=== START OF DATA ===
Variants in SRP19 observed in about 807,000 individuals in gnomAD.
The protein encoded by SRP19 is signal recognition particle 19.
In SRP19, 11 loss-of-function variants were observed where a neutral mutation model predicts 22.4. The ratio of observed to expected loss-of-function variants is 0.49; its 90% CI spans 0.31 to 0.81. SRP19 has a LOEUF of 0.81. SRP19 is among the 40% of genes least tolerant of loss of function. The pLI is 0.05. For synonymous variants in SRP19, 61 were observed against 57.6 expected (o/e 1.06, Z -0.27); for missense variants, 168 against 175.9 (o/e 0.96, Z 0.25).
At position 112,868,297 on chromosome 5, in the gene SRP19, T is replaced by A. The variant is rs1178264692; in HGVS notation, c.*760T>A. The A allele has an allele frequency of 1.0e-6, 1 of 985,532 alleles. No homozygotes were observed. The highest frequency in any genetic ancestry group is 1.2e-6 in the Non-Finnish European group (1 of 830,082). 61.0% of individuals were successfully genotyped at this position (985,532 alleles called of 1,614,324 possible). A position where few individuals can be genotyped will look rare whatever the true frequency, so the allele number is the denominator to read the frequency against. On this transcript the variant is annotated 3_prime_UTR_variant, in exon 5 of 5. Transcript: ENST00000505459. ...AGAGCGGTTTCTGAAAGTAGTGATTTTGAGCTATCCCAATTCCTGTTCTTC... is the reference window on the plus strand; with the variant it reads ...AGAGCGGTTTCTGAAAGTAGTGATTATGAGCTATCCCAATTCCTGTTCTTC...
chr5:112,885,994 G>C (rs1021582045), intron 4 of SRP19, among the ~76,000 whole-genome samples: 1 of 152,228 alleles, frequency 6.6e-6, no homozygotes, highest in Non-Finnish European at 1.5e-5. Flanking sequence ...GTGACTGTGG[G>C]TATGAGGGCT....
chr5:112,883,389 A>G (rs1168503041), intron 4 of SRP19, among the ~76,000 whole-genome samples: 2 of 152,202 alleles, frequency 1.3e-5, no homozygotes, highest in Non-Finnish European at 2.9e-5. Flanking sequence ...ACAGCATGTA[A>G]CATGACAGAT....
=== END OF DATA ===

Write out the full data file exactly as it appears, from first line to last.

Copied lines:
Variants in SRP19 observed in about 807,000 individuals in gnomAD.
The protein encoded by SRP19 is signal recognition particle 19.
In SRP19, 11 loss-of-function variants were observed where a neutral mutation model predicts 22.4. The ratio of observed to expected loss-of-function variants is 0.49; its 90% CI spans 0.31 to 0.81. SRP19 has a LOEUF of 0.81. SRP19 is among the 40% of genes least tolerant of loss of function. The pLI is 0.05. For synonymous variants in SRP19, 61 were observed against 57.6 expected (o/e 1.06, Z -0.27); for missense variants, 168 against 175.9 (o/e 0.96, Z 0.25).
At position 112,868,297 on chromosome 5, in the gene SRP19, T is replaced by A. The variant is rs1178264692; in HGVS notation, c.*760T>A. The A allele has an allele frequency of 1.0e-6, 1 of 985,532 alleles. No homozygotes were observed. The highest frequency in any genetic ancestry group is 1.2e-6 in the Non-Finnish European group (1 of 830,082). 61.0% of individuals were successfully genotyped at this position (985,532 alleles called of 1,614,324 possible). A position where few individuals can be genotyped will look rare whatever the true frequency, so the allele number is the denominator to read the frequency against. On this transcript the variant is annotated 3_prime_UTR_variant, in exon 5 of 5. Transcript: ENST00000505459. ...AGAGCGGTTTCTGAAAGTAGTGATTTTGAGCTATCCCAATTCCTGTTCTTC... is the reference window on the plus strand; with the variant it reads ...AGAGCGGTTTCTGAAAGTAGTGATTATGAGCTATCCCAATTCCTGTTCTTC...
chr5:112,885,994 G>C (rs1021582045), intron 4 of SRP19, among the ~76,000 whole-genome samples: 1 of 152,228 alleles, frequency 6.6e-6, no homozygotes, highest in Non-Finnish European at 1.5e-5. Flanking sequence ...GTGACTGTGG[G>C]TATGAGGGCT....
chr5:112,883,389 A>G (rs1168503041), intron 4 of SRP19, among the ~76,000 whole-genome samples: 2 of 152,202 alleles, frequency 1.3e-5, no homozygotes, highest in Non-Finnish European at 2.9e-5. Flanking sequence ...ACAGCATGTA[A>G]CATGACAGAT....